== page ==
NaPi2a (Npt2a, encoded by Slc34a1) and NaPi2c (Npt2c, encoded by Slc34a3) are present in the apical membrane of the proximal tubules, regulating Na+-dependent phosphate reabsorption in the kidney3,32. We next evaluated NaPi2a and NaPi2c abundance in our model. Western blot analysis revealed that both NaPi2a and NaPi2c levels were significantly increased in DSH+2.5%SF rats compared with those in DSN rats (1.6-fold increase and 1.9-fold increase, respectively) (Fig. 4b, c). NaPi2c levels in the DSH group seemed modestly decreased compared with DSN rats, although the difference is not statistically significant (Fig. 4b, c). Consistent with the results of western blotting, IF study demonstrated strong apical staining of NaPi2a and NaPi2c in the kidneys of DSH+2.5%SF rats (Fig. 4d, e). We additionally evaluated the levels of NHE3, a major Na+ transporter expressed in proximal tubule cells. In contrast to the findings in NaPi2a and NaPi2c, NHE3 levels in DSH+2.5% rats were significantly suppressed compared with DSN rats (Fig. 4b, c). NHE3 abundance in DSH was also suppressed, to a similar extent as that of the DSH+2.5%SF group (Fig. 4b, c). These data indicate that reduced phosphate intake in DSH+2.5%SF rats results in the upregulation of NaPi transporters in the kidney, thereby suppressing FEP in this group. The changes in NHE3 abundance in DSH and DSH+2.5%SF rats are likely attributable to the increased Na+ intake (Fig. 1h) and compensatory decrease in renal Na+ reabsorption.
SF alleviates macrophage infiltration but not hypertrophy in the heart of Dahl/SS rats
The elevation of FGF-23 levels is associated with left ventricular hypertrophy in CKD3, and several possibilities have been postulated as the underlying mechanisms33. Given the significant changes in FGF-23 levels among the three groups (Table 1), we next performed morphological analysis of the cardiac tissue. Consistent with the high blood pressure in the DSH group, heart weight-to-body weight (HW/BW) ratio was significantly greater in this group than in the DSN group (Fig. 5a). We observed similar increases in HW/BW ratio in the DSH+2.5%SF group (Fig. 5a). Consistently, quantitative evaluation of myofiber cross-sectional areas in wheat germ agglutinin (WGA)-stained sections indicated that the individual myofiber diameter was comparable between the DSH and DSH+2.5%SF groups (Fig. 5b, c). Of interest, however, CD68 staining of the heart revealed that macrophage infiltration in DSH was significantly reduced by SF (60% decrease; P = 0.03; Fig. 5d, e). Given that blood pressure levels were similarly increased in DSH and DSH+2.5%SF rats, these data indicate that high blood pressure is the major determinant of cardiac hypertrophy in Dahl/SS rats; however, they also suggest a possible contribution of abnormal phosphate metabolism in cardiac inflammation.
Phosphate loading directly induces MCP-1 gene expression in NRK-52E cells
Previous micro-puncture study demonstrated that the phosphate concentrations in tubular fluid can increase in pathological conditions that stimulate phosphaturic hormones such as FGF-23 and PTH34,35. Consistently, we found that FEP in DSH was four times higher than in DSN rats, which is, at least in part, explained by the changes in serum FGF-23 levels. To determine whether phosphate loading to renal tubules directly triggers inflammation, we analyzed the effects of inorganic phosphate (Pi) in cell culture.
Previous studies demonstrated that renal tubules can produce chemokine Ccl2 in response to various stimuli36,37; however, the effects of phosphate are not known. Using rat proximal tubule cell line, NRK-52E cells, we tested whether phosphate loading increases the expression of Ccl2. The cells were incubated with normal (1 mM) or high (~3 mM) Pi medium. Phosphate loading significantly increased the expression of Ccl2 at 1, 6, and 24 h (Fig. 6). We also tested whether phosphate could induce Opn. However, we did not observe significant changes in Opn expression in our experimental condition (Supplementary Fig. 3), suggesting that several different mechanisms can act in parallel to mediate the upregulation of proinflammatory factors in renal tubules; urinary phosphate can directly induce Ccl2 in proximal tubules, whereas Opn may be induced in a secondary or more complicated manner, such as the interaction between renal tubules and infiltrating macrophages38. In the following cell culture experiments, we focused on the regulation of Ccl2 expression.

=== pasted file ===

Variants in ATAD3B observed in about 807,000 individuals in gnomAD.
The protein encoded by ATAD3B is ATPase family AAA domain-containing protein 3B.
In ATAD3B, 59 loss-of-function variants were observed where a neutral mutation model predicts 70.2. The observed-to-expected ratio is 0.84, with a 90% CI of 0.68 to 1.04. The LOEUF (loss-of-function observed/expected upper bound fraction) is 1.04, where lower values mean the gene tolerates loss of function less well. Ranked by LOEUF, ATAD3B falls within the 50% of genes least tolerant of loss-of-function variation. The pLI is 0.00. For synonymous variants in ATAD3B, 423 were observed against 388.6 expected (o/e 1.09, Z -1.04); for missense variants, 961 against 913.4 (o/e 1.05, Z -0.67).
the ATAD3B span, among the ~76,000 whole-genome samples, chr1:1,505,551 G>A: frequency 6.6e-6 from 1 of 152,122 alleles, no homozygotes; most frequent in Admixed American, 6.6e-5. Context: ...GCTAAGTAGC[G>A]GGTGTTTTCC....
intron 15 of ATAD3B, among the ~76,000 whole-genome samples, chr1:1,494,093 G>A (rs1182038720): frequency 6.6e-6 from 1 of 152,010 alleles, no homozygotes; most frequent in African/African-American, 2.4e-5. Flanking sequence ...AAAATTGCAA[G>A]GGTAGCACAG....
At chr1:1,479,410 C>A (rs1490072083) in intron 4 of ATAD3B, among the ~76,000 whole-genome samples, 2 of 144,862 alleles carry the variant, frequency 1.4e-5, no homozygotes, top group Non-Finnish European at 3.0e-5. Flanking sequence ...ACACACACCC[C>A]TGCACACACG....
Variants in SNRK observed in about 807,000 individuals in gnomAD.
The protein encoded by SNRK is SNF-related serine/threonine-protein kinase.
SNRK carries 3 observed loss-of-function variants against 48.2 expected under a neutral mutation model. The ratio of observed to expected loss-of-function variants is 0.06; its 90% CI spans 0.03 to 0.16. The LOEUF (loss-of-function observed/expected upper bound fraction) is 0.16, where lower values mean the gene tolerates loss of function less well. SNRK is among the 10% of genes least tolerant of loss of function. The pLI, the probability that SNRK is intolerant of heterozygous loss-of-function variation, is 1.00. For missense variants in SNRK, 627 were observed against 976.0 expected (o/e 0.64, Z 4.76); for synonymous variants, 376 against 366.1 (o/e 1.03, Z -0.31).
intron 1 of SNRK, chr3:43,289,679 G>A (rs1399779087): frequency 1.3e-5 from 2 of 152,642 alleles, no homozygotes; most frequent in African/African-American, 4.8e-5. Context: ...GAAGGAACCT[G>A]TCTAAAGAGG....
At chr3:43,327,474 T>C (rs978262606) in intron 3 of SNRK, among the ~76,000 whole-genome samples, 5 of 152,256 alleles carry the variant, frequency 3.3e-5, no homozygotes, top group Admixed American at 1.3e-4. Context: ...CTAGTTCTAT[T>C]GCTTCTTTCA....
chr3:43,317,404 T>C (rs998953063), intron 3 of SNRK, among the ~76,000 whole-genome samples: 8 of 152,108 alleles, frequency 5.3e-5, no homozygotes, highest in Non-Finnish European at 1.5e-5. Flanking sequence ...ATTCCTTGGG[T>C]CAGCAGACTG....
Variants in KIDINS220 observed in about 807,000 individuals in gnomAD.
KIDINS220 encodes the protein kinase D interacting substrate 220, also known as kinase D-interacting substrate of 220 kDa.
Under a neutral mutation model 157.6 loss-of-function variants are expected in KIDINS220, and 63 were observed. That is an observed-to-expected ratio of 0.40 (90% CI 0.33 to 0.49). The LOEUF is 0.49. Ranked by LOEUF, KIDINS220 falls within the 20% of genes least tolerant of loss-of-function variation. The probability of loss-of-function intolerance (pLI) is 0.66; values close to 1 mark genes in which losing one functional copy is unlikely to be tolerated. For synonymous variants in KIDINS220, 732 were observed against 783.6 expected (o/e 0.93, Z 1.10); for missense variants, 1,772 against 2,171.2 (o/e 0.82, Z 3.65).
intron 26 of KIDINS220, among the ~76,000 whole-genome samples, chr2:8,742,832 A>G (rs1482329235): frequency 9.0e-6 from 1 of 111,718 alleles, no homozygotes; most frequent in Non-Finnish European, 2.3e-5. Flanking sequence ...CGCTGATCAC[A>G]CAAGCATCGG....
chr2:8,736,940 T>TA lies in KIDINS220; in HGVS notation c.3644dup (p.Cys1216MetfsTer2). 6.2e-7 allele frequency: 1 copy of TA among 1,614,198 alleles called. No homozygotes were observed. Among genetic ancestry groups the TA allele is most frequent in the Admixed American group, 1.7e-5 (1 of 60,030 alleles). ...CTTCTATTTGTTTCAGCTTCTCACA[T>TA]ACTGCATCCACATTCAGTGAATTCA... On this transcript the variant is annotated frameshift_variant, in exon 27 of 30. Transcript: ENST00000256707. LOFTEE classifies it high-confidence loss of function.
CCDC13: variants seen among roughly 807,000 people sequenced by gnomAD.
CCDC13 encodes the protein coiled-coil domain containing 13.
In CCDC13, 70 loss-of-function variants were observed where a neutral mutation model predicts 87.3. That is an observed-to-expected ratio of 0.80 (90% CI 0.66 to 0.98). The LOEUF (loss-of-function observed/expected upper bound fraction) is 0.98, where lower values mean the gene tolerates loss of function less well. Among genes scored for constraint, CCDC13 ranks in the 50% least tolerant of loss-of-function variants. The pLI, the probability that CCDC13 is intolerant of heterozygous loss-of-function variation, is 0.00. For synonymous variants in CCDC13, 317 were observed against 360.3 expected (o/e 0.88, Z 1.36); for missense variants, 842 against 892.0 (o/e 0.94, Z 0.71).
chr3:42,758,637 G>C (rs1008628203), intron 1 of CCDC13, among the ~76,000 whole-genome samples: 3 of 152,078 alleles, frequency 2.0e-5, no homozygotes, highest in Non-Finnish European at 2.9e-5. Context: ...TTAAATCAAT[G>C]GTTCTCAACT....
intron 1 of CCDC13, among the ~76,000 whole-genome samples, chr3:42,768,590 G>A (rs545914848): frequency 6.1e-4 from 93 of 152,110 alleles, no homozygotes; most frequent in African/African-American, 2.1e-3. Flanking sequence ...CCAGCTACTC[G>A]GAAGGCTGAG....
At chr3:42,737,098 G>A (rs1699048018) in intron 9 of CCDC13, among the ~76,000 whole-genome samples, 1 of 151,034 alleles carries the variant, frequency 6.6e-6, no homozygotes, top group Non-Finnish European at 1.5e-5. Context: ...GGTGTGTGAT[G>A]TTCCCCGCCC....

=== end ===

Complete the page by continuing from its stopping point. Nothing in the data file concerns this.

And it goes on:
The induction of Ccl2 by phosphate loading in proximal tubules can physically be triggered either by Pi entry into the cells through NaPi transporters or by the formation of nanoparticles containing CaPi nanocrystals (CPPs)1,3. To dissect the mechanisms, we first knocked down NaPi2a (a major form of renal phosphate transporter in rodent proximal tubules39) by RNA interference. The introduction of small interfering RNA (siRNA) targeting NaPi2a successfully reduced the expression of Slc34a1 (encoding NaPi2a) by 94% (Fig. 7a). Moreover, western blot analysis demonstrated the reduction in NaPi2a protein abundance (Fig. 7b). We also confirmed that the knockdown of NaPi2a did not accompany compensatory increase in NaPi2c (Fig. 7b). However, high Pi exposure for 24 h was still capable of inducing Ccl2 in the absence of NaPi2a (Fig. 7c).
Next, we isolated CaPi nanocrystals from high-Pi medium by centrifugation40 and resuspended them in the control medium for comparison with the supernatant. Control or high-Pi medium was incubated at 37 °C for 3 days and then centrifuged at 16,000 × g for 1 h40. The pellets (CaPi nanocrystals), resuspended in fresh control medium (pellet resuspensions), and the supernatants were then each used to treat cells and RNA was extracted after 24 h. The high-Pi pellet resuspension significantly induced Ccl2 expression by 2.8-fold compared with control medium, whereas the high-Pi supernatant did not (Fig. 7d). Taken together, high-Pi-induced nanocrystals, rather than free Pi, can directly induce Ccl2 in NRK-52E cells.